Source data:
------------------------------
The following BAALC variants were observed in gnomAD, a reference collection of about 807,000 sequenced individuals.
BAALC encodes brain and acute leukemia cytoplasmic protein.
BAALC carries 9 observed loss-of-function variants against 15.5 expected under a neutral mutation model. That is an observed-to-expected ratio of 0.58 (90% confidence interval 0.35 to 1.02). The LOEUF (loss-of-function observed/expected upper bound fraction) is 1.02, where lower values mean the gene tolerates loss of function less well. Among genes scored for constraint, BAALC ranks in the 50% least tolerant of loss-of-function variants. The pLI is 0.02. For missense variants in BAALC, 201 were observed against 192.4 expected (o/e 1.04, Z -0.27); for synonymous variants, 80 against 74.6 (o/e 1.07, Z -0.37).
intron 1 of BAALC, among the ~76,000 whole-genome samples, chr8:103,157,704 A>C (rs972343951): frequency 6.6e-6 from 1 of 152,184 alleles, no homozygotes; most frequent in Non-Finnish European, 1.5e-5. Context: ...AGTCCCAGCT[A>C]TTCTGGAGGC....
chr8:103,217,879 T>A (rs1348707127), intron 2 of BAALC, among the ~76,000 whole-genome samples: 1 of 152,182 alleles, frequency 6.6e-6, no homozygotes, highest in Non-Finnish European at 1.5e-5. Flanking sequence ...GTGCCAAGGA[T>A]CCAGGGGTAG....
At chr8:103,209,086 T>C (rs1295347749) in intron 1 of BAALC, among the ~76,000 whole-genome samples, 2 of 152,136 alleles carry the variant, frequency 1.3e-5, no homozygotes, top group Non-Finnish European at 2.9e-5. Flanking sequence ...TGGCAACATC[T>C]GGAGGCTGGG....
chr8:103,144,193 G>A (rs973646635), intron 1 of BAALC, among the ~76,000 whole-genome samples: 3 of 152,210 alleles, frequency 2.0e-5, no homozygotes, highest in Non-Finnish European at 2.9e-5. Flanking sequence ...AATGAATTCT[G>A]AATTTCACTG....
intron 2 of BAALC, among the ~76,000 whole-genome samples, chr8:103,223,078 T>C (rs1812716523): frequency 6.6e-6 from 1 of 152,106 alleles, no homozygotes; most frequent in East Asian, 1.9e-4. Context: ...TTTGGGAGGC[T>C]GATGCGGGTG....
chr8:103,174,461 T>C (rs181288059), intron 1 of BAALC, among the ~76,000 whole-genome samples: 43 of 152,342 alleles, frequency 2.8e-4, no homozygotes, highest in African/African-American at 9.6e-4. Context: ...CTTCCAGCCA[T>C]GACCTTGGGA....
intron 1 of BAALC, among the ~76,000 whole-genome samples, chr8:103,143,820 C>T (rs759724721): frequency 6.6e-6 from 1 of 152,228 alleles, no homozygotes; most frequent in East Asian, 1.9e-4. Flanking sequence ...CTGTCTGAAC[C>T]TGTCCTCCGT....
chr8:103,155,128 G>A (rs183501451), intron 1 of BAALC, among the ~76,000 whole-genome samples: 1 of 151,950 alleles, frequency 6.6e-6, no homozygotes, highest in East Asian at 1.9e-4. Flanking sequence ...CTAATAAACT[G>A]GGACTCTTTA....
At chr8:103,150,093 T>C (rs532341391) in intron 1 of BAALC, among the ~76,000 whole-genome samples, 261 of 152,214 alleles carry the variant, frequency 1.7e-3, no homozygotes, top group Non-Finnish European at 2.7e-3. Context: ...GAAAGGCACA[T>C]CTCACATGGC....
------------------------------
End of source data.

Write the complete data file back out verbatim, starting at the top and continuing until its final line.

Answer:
The following BAALC variants were observed in gnomAD, a reference collection of about 807,000 sequenced individuals.
BAALC encodes brain and acute leukemia cytoplasmic protein.
BAALC carries 9 observed loss-of-function variants against 15.5 expected under a neutral mutation model. That is an observed-to-expected ratio of 0.58 (90% confidence interval 0.35 to 1.02). The LOEUF (loss-of-function observed/expected upper bound fraction) is 1.02, where lower values mean the gene tolerates loss of function less well. Among genes scored for constraint, BAALC ranks in the 50% least tolerant of loss-of-function variants. The pLI is 0.02. For missense variants in BAALC, 201 were observed against 192.4 expected (o/e 1.04, Z -0.27); for synonymous variants, 80 against 74.6 (o/e 1.07, Z -0.37).
intron 1 of BAALC, among the ~76,000 whole-genome samples, chr8:103,157,704 A>C (rs972343951): frequency 6.6e-6 from 1 of 152,184 alleles, no homozygotes; most frequent in Non-Finnish European, 1.5e-5. Context: ...AGTCCCAGCT[A>C]TTCTGGAGGC....
chr8:103,217,879 T>A (rs1348707127), intron 2 of BAALC, among the ~76,000 whole-genome samples: 1 of 152,182 alleles, frequency 6.6e-6, no homozygotes, highest in Non-Finnish European at 1.5e-5. Flanking sequence ...GTGCCAAGGA[T>A]CCAGGGGTAG....
At chr8:103,209,086 T>C (rs1295347749) in intron 1 of BAALC, among the ~76,000 whole-genome samples, 2 of 152,136 alleles carry the variant, frequency 1.3e-5, no homozygotes, top group Non-Finnish European at 2.9e-5. Flanking sequence ...TGGCAACATC[T>C]GGAGGCTGGG....
chr8:103,144,193 G>A (rs973646635), intron 1 of BAALC, among the ~76,000 whole-genome samples: 3 of 152,210 alleles, frequency 2.0e-5, no homozygotes, highest in Non-Finnish European at 2.9e-5. Flanking sequence ...AATGAATTCT[G>A]AATTTCACTG....
intron 2 of BAALC, among the ~76,000 whole-genome samples, chr8:103,223,078 T>C (rs1812716523): frequency 6.6e-6 from 1 of 152,106 alleles, no homozygotes; most frequent in East Asian, 1.9e-4. Context: ...TTTGGGAGGC[T>C]GATGCGGGTG....
chr8:103,174,461 T>C (rs181288059), intron 1 of BAALC, among the ~76,000 whole-genome samples: 43 of 152,342 alleles, frequency 2.8e-4, no homozygotes, highest in African/African-American at 9.6e-4. Context: ...CTTCCAGCCA[T>C]GACCTTGGGA....
intron 1 of BAALC, among the ~76,000 whole-genome samples, chr8:103,143,820 C>T (rs759724721): frequency 6.6e-6 from 1 of 152,228 alleles, no homozygotes; most frequent in East Asian, 1.9e-4. Flanking sequence ...CTGTCTGAAC[C>T]TGTCCTCCGT....
chr8:103,155,128 G>A (rs183501451), intron 1 of BAALC, among the ~76,000 whole-genome samples: 1 of 151,950 alleles, frequency 6.6e-6, no homozygotes, highest in East Asian at 1.9e-4. Flanking sequence ...CTAATAAACT[G>A]GGACTCTTTA....
At chr8:103,150,093 T>C (rs532341391) in intron 1 of BAALC, among the ~76,000 whole-genome samples, 261 of 152,214 alleles carry the variant, frequency 1.7e-3, no homozygotes, top group Non-Finnish European at 2.7e-3. Context: ...GAAAGGCACA[T>C]CTCACATGGC....